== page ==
A reader sent me a ZENIT piece of an interview with Dominican Father Augustine Di Noia, undersecretary of the doctrinal congregation concerning the new CDF document. Some have wondered about the timing of the document.
Q: Why was it decided to have this document come out at this time?
Father Di Noia: That’s an important question.
I suppose it has to do with the reaction to an earlier document, the famous " Dominus Iesus" that came out, if you recall, in 2000.
I remember that when I was working for the bishops’ conference in the United States, and we had received advanced copies of this document, and I was asked to prepare the bishops for " Dominus Iesus," I said well, there is absolutely nothing new here, so the bishops will be fine with it. But as you know, the reaction to " Dominus Iesus" was extremely, let’s say, contestative. I mean, it was a very difficult document.
What we saw was the people […] didn’t understand that not simply we had to speak of Christ as being the universal savior, but that the Church was the principle means by which the grace of Christ would be communicated to the world, and that, if you recall, created most of the controversy, certainly ecumenically.
So this was kind of a wake-up call. I’d say that "Dominus Iesus" was a wake-up call, that 30 years after Vatican II, people seemed to have forgotten something very essential that Vatican II taught. And so it was out of that moment that the cardinal members of the congregation — and also other people, bishops and so on, raising questions about this — the congregation decided to proceed with a clarification.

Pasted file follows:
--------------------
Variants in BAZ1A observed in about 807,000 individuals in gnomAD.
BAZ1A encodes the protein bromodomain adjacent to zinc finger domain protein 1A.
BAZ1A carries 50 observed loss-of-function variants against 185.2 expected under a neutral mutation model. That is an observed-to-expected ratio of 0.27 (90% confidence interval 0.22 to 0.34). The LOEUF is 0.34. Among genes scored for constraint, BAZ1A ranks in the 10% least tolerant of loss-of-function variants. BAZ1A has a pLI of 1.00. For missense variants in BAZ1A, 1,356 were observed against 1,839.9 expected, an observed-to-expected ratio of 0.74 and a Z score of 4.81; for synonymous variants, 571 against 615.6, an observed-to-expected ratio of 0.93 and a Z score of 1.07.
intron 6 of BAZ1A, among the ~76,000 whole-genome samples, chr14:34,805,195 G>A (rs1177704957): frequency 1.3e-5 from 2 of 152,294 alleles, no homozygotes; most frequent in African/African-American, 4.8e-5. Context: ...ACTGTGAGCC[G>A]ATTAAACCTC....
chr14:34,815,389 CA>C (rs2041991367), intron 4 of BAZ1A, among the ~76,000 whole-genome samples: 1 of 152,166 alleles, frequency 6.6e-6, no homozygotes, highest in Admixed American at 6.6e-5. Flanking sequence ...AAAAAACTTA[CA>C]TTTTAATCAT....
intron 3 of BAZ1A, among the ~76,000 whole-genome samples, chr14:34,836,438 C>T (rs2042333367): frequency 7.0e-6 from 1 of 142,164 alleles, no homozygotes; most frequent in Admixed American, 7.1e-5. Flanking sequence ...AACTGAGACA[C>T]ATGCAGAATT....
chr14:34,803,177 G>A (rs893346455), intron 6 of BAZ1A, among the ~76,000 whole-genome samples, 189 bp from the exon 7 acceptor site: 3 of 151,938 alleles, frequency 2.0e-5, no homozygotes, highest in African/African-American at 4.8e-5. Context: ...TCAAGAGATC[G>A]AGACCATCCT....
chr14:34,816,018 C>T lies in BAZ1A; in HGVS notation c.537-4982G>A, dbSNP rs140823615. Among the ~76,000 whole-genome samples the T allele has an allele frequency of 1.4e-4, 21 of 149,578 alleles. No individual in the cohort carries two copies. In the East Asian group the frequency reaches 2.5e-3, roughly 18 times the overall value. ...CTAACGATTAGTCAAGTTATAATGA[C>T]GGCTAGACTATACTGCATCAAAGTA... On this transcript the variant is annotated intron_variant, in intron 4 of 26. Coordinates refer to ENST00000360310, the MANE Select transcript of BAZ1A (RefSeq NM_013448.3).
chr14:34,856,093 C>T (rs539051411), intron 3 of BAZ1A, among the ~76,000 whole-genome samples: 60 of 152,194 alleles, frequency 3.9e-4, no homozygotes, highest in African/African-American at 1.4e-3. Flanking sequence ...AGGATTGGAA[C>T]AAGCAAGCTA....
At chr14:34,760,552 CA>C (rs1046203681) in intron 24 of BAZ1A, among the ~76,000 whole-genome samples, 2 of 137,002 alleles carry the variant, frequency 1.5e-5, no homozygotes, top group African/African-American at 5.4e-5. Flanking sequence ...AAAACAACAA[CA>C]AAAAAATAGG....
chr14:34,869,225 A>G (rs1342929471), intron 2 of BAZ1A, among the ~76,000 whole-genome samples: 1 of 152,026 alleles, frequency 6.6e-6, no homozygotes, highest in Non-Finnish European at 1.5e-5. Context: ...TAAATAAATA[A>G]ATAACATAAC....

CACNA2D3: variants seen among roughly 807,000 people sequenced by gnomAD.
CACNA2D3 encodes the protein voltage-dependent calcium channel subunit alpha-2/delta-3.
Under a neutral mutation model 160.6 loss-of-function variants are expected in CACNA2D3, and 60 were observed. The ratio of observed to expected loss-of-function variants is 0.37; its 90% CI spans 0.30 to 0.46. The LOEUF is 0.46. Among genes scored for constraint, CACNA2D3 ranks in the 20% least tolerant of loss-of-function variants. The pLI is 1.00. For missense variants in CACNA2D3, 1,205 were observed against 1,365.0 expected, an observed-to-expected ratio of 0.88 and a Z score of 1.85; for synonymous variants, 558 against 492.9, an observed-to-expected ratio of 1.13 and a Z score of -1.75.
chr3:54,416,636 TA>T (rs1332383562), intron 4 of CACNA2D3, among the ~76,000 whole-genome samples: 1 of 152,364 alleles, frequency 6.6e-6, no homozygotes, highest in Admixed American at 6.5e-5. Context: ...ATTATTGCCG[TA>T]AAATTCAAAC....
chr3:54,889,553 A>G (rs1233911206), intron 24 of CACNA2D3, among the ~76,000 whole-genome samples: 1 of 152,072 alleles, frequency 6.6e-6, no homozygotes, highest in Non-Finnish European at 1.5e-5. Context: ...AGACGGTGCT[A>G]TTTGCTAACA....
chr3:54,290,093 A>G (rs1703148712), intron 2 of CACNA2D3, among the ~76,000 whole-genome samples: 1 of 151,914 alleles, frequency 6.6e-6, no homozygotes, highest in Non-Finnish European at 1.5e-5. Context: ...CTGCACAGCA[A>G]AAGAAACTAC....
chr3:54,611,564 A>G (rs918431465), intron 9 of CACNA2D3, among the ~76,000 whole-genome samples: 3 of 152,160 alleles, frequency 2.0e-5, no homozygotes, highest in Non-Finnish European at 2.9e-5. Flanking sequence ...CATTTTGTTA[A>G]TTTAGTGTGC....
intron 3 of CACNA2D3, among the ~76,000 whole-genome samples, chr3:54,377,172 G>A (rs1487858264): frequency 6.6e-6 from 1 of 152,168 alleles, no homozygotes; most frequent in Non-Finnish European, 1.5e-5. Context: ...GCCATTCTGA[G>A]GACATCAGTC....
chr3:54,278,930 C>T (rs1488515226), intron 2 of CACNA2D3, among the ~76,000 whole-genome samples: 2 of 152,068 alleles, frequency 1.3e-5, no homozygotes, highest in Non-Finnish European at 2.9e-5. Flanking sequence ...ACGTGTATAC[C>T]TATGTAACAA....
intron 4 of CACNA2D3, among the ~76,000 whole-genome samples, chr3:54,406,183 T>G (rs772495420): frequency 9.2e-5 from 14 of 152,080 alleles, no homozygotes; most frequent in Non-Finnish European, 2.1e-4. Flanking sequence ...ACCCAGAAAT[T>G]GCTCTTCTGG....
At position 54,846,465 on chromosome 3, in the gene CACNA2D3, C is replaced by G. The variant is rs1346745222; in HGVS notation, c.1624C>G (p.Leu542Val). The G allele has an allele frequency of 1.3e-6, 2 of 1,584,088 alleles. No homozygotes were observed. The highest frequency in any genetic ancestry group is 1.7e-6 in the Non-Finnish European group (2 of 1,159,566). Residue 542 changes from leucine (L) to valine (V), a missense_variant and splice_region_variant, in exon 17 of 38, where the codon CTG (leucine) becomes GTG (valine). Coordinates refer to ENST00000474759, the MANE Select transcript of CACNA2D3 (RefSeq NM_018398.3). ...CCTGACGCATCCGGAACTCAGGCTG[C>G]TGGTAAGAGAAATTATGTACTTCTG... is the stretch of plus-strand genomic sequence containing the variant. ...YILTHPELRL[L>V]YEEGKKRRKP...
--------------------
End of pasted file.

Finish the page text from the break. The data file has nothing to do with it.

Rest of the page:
The document is called "Responses to [Some] Questions Regarding Certain Aspects of the Doctrine on the Church." It is a very narrow point, it’s a relatively short document, as you know, and the commentary attached, so it’s a very precise set of responses to questions that have arisen.
Because the easiest way to commit controversy in the Church is to restate something she has always believed.
Many people also have raised the issue of ecumenical dialogue and this interview also addresses it. This type of question has always confused me. It it is as if ecumenical dialogue is to conducted in the mode of a used car salesman. "This Church has only been visited on Sundays by old ladies." That the only way to dialogue is to play down what we really believe and to ignore what they believe. The old bait and switch. I would have thought that complete honest was the best form of dialogue.
In related news Phillip Blosser points to a piece in Christianity Today by Stan Guthrie on the CDF document. While Mr. Guthri certainly doesn’t accept the Church’s teaching he doesn’t get worked up over it and appreciates the "bright lines" drawn and know that they are restatements.
Update: Fr. Powell posts on the article and says much better what I was trying to say.